How to set up a garage photo studio in 7 easy steps electricity was invented

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Disclaimer: I use my garage photo studio setup as a temporary shooting space. Sometimes I even take the setup on the road and set it up in a client’s garage, but it is not designed to replace an actual studio shooting space. I do plan to one day have a more permanent professional studio space for clients void of drill presses, gas cans, shop vacs, strollers and weed whackers. Until then, for my personal work and some portfolio building, my garage photo studio works just fine.

This is my garage. Don’t worry, I know what you are thinking: that is a beautiful garage. I should probably pin it on Pinterest. Despite the heart palpitations and sweating that ensued at the mere thought of posting a picture of my horrifying garage on the Interwebs, I wanted you to see the real behind-the-scenes which might inspire you to look into your own garage and say “oh yeah, I can work with this.” You can. I promise. So crank up your favorite Spotify station and let’s get to it!

To find just the right light, I stand where my subject would be and make a fist, with my thumb and pointer finger facing the light. I move my fist to the left and right, forward and back until I find the perfect amount of shadow and light and build everything from there (Caution: if you have an east or west facing garage, the rising and setting sun can be harsh. Wait until the sun isn’t streaming straight into your garage). Typically, I position the backdrop at a 30-45 degree angle to the open garage door and just where the light starts to fall off since I want the backdrop a little darker.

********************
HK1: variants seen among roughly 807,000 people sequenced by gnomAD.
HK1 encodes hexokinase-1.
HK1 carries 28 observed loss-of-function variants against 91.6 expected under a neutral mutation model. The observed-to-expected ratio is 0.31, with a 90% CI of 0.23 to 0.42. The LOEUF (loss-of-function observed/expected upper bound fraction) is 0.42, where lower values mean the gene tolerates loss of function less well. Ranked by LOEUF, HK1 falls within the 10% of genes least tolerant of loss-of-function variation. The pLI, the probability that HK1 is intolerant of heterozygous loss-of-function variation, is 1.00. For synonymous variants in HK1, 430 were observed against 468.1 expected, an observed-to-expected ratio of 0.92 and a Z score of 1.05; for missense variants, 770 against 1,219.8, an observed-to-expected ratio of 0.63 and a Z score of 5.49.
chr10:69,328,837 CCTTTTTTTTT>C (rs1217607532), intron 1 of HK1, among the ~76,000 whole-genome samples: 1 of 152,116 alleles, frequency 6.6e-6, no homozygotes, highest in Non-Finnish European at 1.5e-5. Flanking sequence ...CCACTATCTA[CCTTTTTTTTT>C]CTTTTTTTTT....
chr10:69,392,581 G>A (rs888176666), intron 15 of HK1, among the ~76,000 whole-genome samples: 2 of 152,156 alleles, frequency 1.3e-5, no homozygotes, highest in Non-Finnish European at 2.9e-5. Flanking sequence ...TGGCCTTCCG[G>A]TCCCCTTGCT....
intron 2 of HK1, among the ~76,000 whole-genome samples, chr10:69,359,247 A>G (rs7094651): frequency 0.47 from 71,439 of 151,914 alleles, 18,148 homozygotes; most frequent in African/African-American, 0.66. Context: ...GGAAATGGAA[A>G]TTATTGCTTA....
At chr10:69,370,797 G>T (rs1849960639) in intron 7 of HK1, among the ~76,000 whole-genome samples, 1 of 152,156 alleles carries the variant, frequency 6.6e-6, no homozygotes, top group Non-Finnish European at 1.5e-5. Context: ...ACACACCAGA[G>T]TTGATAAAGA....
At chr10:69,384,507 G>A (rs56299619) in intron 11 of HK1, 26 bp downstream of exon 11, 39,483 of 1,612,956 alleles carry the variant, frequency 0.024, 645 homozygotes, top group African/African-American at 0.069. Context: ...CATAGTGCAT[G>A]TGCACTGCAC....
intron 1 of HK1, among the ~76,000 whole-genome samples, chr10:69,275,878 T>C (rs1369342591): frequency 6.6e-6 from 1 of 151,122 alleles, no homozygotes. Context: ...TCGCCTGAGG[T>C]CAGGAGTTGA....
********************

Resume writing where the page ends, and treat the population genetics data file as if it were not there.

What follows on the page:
You only need this step if your garage floor isn’t perfectly smooth. It will help create a smoother surface for your seamless paper and prevent any texture from the floor from imprinting on your paper. Use gaffer’s tape to keep the plastic laminate flooring in place.

My backdrop stands are wheelies which allows me to easily modify the angle of my backdrop if I need to. To keep the stands from getting squirrely and moving on their own, I use sand bags on the legs to keep them in place until I need to move them.

Unroll your seamless paper so that you have about 3.5-4’ flat on the ground. You want a soft, gentle slope, not a hard crease where the paper meets the floor. Use the spring clamps on either end of the roll at the top to prevent it from further uncoiling and use gaffer’s tape to secure the paper to the floor.

I like to position my subjects 2-4 feet in front of my backdrop seated on an apple box at the same 30-45 degree angle to the garage door as the backdrop. This allows me the flexibility to rotate my subject toward the light for more of a flat lighting scenario or away from the light for Rembrandt or split lighting.

Alise is a modern portrait and documentary photographer focusing on photographing women and the ones they love. Alise believes that all women deserve to see themselves as the beautiful, strong women their loved ones know them to be. She encourages women everywhere to exist in photographs for themselves, their partners and children and the generations that will follow. As a (mostly) natural light photographer, Alise loves creating beautiful, timeless images for her family and her clients. She is rarely without CamiD and ManiD (her beloved Nikon D700 and D750) and enjoys documenting her life with her three boys (husband included). When not doing spontaneous science projects with her two little boys or DIY projects around her home, Alise enjoys exploring the world around her, reading, traveling, writing, volunteering, frozen yogurt, sewing, exercising, antiquing and playing serious games of Yahtzee and Monopoly with her two little nuggets. Alise and her family live in Knoxville, Tennessee. Visit Alise Kowalski online.